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Remember, if you have any trouble listening, downloading, or transferring to your mp3 player just e-mail [email protected] And don't forget to leave the podcast a ranking in iTunes – it only takes 2 minutes of your time and helps grow our healthy community! Justclick here to go to our iTunes page and leave feedback. Brand new – get insider VIP tips and discounts from Ben – conveniently delivered directly to your phone! Just complete the information below…

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16 thoughts on “Episode #112: Is There A Link Between Emotions and Injuries?

  1. Christine says:

    Thank you, thank you, Ben for talking about the cholesterol myth! I am still so surprised at how many people are cutting out good fats from their diet because they think it will cause heart disease and even more surprised by the doctors that prescribe low-fat diets for this same reason.

  2. Wally Roth says:

    Ben,

    Just caught podcast#112- awesome. Along those lines, if someone hasn’t recommended it to you already, you should check out Bruce Lipton’s “The Biology of Belief”.

    Cheers,

  3. Because the nutrition is based on a testable, demonstrable principle, whereas the emotional treatment is not. I made absolutely no claims about the scientific validity of the emotion coding for those reasons. I simply observed that it helped me feel better. There was not measurable here, only qualitative exchanges of information.

    By definition, "To be termed scientific, a method of inquiry must be based on gathering observable, empirical and measurable evidence subject to specific principles of reasoning". Because I am not pursuing the Emotion Coding as a scientific inquiry, I have no obligation to use The Scientific Method in my reporting upon my experience with it.

  4. hexclimber says:

    I _totally_ agree that there are things that can't be proven/disproven by The Scientific Method, but… how can you reject the validity of a study on pre/post-exercise nutrition because it was conducted with the subjects in the sample in a fasted state as inapplicable to an athlete's nutrition strategy because they don't typically mirror that in their training, and then accept some witch-doctor's technique as valid?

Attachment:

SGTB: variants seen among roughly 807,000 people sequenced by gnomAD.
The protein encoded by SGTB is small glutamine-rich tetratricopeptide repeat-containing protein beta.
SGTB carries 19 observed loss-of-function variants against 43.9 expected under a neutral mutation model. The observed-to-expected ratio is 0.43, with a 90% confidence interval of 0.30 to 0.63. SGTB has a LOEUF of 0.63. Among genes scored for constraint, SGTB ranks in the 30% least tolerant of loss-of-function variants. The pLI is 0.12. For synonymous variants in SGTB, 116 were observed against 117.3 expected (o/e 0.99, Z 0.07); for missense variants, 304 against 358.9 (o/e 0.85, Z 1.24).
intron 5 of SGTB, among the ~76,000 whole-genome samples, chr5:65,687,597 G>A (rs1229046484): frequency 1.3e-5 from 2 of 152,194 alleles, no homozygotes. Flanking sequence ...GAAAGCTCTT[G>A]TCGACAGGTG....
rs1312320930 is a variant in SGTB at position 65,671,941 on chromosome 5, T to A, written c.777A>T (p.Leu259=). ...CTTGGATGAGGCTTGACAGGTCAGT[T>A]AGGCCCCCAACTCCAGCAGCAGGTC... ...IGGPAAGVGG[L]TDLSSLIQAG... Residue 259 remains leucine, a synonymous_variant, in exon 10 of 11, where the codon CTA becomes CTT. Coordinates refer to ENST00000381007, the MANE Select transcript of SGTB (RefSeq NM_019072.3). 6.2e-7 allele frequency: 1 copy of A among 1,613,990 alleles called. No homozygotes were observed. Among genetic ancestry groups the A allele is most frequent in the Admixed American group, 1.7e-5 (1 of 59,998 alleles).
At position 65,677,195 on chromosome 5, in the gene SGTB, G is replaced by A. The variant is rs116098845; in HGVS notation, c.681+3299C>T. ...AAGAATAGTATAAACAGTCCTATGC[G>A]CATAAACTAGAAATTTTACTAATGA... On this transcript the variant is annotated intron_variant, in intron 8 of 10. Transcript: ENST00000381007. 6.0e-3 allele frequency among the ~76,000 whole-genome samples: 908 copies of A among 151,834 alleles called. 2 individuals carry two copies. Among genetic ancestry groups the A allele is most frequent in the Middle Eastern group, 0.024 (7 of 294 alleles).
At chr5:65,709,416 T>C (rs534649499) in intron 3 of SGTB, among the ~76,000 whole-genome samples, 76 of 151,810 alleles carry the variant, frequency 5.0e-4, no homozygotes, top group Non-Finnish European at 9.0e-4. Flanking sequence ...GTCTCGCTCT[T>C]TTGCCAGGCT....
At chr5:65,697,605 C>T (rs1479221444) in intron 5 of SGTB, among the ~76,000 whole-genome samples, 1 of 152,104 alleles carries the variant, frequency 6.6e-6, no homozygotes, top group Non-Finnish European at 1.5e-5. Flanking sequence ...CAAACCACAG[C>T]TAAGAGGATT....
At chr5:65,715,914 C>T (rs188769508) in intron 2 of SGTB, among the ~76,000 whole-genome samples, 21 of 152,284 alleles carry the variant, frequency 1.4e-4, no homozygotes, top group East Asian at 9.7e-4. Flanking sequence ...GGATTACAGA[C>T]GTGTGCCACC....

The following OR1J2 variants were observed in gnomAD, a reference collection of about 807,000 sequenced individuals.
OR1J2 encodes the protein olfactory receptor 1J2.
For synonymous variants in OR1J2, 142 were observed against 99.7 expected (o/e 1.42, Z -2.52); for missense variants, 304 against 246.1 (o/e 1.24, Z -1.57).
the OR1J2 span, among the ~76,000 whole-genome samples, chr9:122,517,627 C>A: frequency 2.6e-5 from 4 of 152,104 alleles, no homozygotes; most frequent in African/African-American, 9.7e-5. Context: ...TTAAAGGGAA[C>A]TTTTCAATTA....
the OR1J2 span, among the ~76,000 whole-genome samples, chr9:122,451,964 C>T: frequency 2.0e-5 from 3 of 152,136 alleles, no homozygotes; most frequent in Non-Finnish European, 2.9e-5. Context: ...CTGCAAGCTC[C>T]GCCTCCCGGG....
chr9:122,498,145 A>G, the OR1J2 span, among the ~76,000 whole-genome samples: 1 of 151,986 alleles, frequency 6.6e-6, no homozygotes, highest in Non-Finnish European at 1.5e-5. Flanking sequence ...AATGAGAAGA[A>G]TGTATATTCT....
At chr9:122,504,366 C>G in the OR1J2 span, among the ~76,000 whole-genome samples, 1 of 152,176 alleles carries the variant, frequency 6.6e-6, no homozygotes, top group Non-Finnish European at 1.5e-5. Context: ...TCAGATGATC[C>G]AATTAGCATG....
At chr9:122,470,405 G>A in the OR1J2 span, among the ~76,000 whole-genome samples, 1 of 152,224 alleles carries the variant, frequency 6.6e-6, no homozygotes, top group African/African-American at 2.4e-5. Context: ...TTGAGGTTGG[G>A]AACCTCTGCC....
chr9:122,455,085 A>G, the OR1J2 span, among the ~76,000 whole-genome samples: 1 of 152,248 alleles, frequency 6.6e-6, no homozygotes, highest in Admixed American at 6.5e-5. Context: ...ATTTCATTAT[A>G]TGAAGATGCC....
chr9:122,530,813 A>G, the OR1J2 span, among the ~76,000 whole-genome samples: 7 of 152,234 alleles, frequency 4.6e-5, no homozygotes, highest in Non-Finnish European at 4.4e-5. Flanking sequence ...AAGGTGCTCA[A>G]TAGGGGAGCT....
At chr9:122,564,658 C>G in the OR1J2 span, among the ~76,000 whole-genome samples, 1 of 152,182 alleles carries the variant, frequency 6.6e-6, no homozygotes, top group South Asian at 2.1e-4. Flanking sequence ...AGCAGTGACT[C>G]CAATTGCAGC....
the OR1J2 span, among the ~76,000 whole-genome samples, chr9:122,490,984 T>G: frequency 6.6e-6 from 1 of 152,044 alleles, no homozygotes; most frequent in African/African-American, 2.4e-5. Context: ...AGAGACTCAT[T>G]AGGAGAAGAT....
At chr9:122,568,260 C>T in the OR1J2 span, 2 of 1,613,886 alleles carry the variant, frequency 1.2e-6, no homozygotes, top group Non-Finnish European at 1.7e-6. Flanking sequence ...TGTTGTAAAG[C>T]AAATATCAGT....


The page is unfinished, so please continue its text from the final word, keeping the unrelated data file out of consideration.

I _strongly_ believe in the placebo-effect. It's not the placebo-no-effect… I'll take that over continued illness/injury any day, but… It's a serious cred issue if you arbitrarily pick and choose when you apply research and anecdote. We love you Ben, but come on… Which side are you on?

  5. hexclimber says:

    Anecdotal evidence is not valid in any way, shape, or form… This podcast seriously compromises your credibility, Ben. I listened to your tri-talk podcast today, and it stands in stark contrast to the hocus-pocus mumbo-jumbo this guy is pushing. Very disappointed… You closely scrutinized the experimental design of the studies you cited; how can you swing both ways?

    1. I do believe that there are some things that science cannot prove, and that we cannot see, feel or touch. I don't think I can be judged too harshly for that, since every religion would have to be written off if that were the case. This is the same reason I pray for people when they're sick. Science can't prove they'll get better, but I believe it will help.

  6. John says:

    Ben, you simply have to start each podcast with a knee update from now for the next 6 months. The BKU slot (Ben's knee update). I am so conflicted by this item – your podcasts are so dense with factual material I can't remember even 20% of it so I have every sympathy with Scott. iT was very very strange. Scott – maybe you have an injury and Ben could set up a Skype link between you and the good Dr. An experiment needs to be repeatable after all ? Ben – what did you think of his book ? Did it really provide you with the tools to undertake this for yourself ?